I really don’t think those things would happen if I tried to confront the unexamined racism of the people I know. In fact, only a few short years later, I was inarticulate and angry at someone who made a disrespectful comment about Eric Garner. And I was ashamed at their callousness and ashamed at my inability to speak calmly and persuasively about their error. And I have not tried to engage since. Either with the people I know are not working on their personal relationship with America’s racism or the people I don’t know are not working on it.

Which may have been part of Ms. Gay’s point. How useless my own work toward understanding is if I only share it with people who are already undertaking that work themselves. And so she’s right.



I don’t recall the comment about allyship Ms. Gay had been asked about. A short internet search pulled up this essay at Marie Claire which seems about right.

Because the path to liberation has been mapped out by the brilliance of the black Woman’s mind

Part of my work is in voter behavior and there is a meaningful difference between the statement “53% of white women voted for the guy who got elected” and “53% of the white women who voted cast their vote for the guy who got elected”.[fn1]  But in the grand scheme of the clusterfuck of this past election it is truly a minor point (The Guardian wrote it that way; the New York Time cited it properly as 53% of white women who voted”). But, honestly, never mind that: The white woman problem in American feminism and in the last election is very real.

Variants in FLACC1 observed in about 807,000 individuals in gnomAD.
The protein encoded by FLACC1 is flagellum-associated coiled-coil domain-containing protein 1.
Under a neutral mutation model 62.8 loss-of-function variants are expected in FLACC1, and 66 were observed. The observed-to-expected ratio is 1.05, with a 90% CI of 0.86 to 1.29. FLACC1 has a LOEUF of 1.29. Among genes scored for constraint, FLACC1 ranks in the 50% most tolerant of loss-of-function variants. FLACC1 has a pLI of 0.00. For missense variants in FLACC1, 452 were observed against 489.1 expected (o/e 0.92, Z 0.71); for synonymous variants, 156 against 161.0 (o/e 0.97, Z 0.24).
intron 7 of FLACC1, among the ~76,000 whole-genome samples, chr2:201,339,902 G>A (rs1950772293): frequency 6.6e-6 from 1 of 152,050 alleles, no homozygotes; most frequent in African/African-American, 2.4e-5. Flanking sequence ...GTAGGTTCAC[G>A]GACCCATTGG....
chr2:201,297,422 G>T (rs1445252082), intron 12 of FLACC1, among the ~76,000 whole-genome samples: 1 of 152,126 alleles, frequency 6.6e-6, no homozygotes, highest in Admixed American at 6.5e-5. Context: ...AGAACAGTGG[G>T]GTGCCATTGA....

So stop focusing on which white women, or on proving you’re not that white woman. Just keep not being that white woman. Stop thinking about why you need to prove you’re not her and just don’t be her, by letting go of your sense of importance, by rejecting the focus on you.